Dutch design could inspire revamp of danger roundabout
- Credit: DENISE BRADLEY/Archant2021
One of Norwich's most notorious roundabouts could finally be replaced in a multi-million pound scheme - and campaigners say it is long overdue.
Council officers are drawing up plans for improvements to the Heartsease roundabout, which people in the area have long said is unsafe.
One options due to be tabled later this year is to transform it into Norwich's first Dutch-style roundabout.
Such schemes have parallel cycle and zebra crossings on each arm, giving pedestrians and cyclists priority over drivers.
There have been calls for improvements at the Heartsease roundabout for years and, in particular, for pedestrian crossing points.
Tony Gray, 74, who lives in Valley Side Road, said he was keen to see improvements - but that it needed to be the right scheme.
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He said: "The roads weren't designed for the amount of traffic they have on them.
"We now have more traffic and more buses than ever before, but they've never done anything to cater for pedestrians.
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"There's only one crossing near the roundabout and that's only there because of Aldi."
Former Colman's worker Mr Gray said he worried about the safety of schoolchildren going to and from the nearby Open Academy.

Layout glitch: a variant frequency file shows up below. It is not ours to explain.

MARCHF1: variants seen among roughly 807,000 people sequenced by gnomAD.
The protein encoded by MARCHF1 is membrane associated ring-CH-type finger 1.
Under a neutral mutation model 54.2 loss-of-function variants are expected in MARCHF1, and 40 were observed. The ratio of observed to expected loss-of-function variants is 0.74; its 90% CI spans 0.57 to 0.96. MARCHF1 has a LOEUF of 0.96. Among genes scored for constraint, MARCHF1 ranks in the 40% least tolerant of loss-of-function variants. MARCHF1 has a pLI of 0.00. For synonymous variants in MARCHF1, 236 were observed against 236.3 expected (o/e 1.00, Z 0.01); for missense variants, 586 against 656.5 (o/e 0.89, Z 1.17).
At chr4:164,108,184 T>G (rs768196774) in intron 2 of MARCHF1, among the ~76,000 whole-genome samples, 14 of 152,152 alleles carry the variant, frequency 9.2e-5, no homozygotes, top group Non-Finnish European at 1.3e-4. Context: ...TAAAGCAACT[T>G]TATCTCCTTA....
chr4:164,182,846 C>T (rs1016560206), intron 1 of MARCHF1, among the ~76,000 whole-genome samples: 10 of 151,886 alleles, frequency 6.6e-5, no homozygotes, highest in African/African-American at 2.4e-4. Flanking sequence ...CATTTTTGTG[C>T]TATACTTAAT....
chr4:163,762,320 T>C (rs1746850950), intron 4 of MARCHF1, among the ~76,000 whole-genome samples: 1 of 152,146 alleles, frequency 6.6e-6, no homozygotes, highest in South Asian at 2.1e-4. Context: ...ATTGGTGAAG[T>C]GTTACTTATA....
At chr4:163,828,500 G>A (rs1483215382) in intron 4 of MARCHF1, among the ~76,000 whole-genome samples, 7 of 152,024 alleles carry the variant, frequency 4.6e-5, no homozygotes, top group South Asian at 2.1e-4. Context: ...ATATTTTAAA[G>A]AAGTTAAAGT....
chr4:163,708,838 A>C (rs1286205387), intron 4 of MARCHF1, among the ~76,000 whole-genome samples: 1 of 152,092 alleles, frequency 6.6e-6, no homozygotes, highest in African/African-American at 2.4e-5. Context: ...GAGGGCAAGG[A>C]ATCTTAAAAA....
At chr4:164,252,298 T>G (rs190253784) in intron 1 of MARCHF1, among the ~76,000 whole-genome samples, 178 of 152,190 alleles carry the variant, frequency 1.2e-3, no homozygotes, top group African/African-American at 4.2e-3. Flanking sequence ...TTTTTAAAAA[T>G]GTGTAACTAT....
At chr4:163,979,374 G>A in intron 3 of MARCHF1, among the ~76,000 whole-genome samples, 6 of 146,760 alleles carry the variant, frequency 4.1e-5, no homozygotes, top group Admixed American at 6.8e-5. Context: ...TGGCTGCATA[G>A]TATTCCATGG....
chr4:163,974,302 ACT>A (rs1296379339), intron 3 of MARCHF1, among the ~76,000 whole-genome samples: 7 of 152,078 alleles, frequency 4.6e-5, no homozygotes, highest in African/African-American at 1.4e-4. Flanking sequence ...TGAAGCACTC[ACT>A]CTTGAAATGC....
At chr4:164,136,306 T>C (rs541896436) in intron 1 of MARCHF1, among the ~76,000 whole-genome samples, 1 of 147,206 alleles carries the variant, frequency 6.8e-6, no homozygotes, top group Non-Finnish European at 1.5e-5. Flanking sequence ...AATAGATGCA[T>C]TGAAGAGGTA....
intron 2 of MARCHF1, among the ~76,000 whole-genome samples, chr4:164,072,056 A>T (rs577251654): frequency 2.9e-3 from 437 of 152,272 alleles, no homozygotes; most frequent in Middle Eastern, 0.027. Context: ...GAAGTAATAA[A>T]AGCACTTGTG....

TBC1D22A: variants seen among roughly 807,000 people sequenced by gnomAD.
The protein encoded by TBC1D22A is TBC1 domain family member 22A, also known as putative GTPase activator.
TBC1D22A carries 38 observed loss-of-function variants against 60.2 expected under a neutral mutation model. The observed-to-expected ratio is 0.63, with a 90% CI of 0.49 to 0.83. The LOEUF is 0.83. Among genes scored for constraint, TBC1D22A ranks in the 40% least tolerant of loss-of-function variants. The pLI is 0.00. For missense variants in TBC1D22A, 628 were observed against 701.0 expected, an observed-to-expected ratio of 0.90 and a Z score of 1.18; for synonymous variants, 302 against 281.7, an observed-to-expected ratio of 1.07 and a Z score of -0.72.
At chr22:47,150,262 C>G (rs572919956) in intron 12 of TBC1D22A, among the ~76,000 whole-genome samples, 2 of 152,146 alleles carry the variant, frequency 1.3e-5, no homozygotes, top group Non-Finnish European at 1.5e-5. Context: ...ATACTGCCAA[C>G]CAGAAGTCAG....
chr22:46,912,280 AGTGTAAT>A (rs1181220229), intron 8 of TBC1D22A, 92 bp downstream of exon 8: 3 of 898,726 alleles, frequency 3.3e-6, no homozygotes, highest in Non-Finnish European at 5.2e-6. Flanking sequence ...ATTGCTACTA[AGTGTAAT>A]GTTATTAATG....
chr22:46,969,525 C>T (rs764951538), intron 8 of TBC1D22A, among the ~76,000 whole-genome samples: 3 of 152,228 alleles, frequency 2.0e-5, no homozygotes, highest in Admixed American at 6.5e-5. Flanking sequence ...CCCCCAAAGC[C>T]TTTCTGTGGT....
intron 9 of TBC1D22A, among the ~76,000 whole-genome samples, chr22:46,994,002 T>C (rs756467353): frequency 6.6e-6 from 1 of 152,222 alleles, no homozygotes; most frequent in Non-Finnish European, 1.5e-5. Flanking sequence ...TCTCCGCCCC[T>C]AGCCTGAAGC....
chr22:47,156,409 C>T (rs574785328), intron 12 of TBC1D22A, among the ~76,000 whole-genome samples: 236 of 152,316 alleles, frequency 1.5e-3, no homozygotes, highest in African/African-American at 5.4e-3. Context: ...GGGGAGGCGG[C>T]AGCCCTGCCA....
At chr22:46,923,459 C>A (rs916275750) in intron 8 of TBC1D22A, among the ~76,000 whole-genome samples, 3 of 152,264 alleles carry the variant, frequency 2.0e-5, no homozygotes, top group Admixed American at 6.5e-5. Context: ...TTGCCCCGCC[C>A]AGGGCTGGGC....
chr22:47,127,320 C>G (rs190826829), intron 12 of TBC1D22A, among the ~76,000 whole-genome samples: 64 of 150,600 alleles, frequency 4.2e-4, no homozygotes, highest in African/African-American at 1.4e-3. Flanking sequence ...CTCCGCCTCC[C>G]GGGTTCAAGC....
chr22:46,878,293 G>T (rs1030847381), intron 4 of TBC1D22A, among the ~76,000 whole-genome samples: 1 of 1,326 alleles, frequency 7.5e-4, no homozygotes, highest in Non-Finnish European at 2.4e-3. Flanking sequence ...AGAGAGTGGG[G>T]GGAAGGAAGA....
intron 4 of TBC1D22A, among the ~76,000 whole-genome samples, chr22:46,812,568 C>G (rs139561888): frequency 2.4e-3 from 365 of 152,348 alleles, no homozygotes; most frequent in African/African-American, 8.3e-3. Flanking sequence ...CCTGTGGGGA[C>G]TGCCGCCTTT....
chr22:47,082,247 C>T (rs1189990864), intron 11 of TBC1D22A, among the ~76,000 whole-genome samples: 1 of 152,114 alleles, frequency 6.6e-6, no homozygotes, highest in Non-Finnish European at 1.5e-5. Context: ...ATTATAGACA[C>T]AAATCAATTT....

He added plans to build more housing at the former Pinebanks site would increase traffic further.
In 2017, there were five pedestrian casualties at the roundabout, the joint second highest of any junction in Norwich.
Norwich was awarded £32m through the government's Transforming Cities scheme, including £3.7m towards a £4.4m redesign of the roundabout.
A spokesperson for Transport for Norwich said: “We’re currently exploring several options for changes to Heartsease roundabout.
"One of which is a Dutch-style roundabout and this, along with the other potential options, is being assessed against a range of criteria such as impact on traffic flow and safety guidelines.
"Once each option has been explored in detail, a preferred scheme is due to be put forward for public consultation at the Transforming Cities Fund joint committee later this year.”
Alison Birmingham, Labour county councillor for Crome ward, said she would push for improvements.
And Alan Waters, Norwich City Council leader and Crome city councillor said: "I am looking forward to improvements around Heartsease roundabout to enable easier use by cyclists and pedestrians."
When the Catton Grove roundabout was revamped in 2016, the initial intention was for that to be a Dutch-style roundabout.
But those plans were changed, because land belonging to nearby homes would have had to be bought.
The first Dutch-style roundabout in the UK opened to traffic in Cambridge last summer.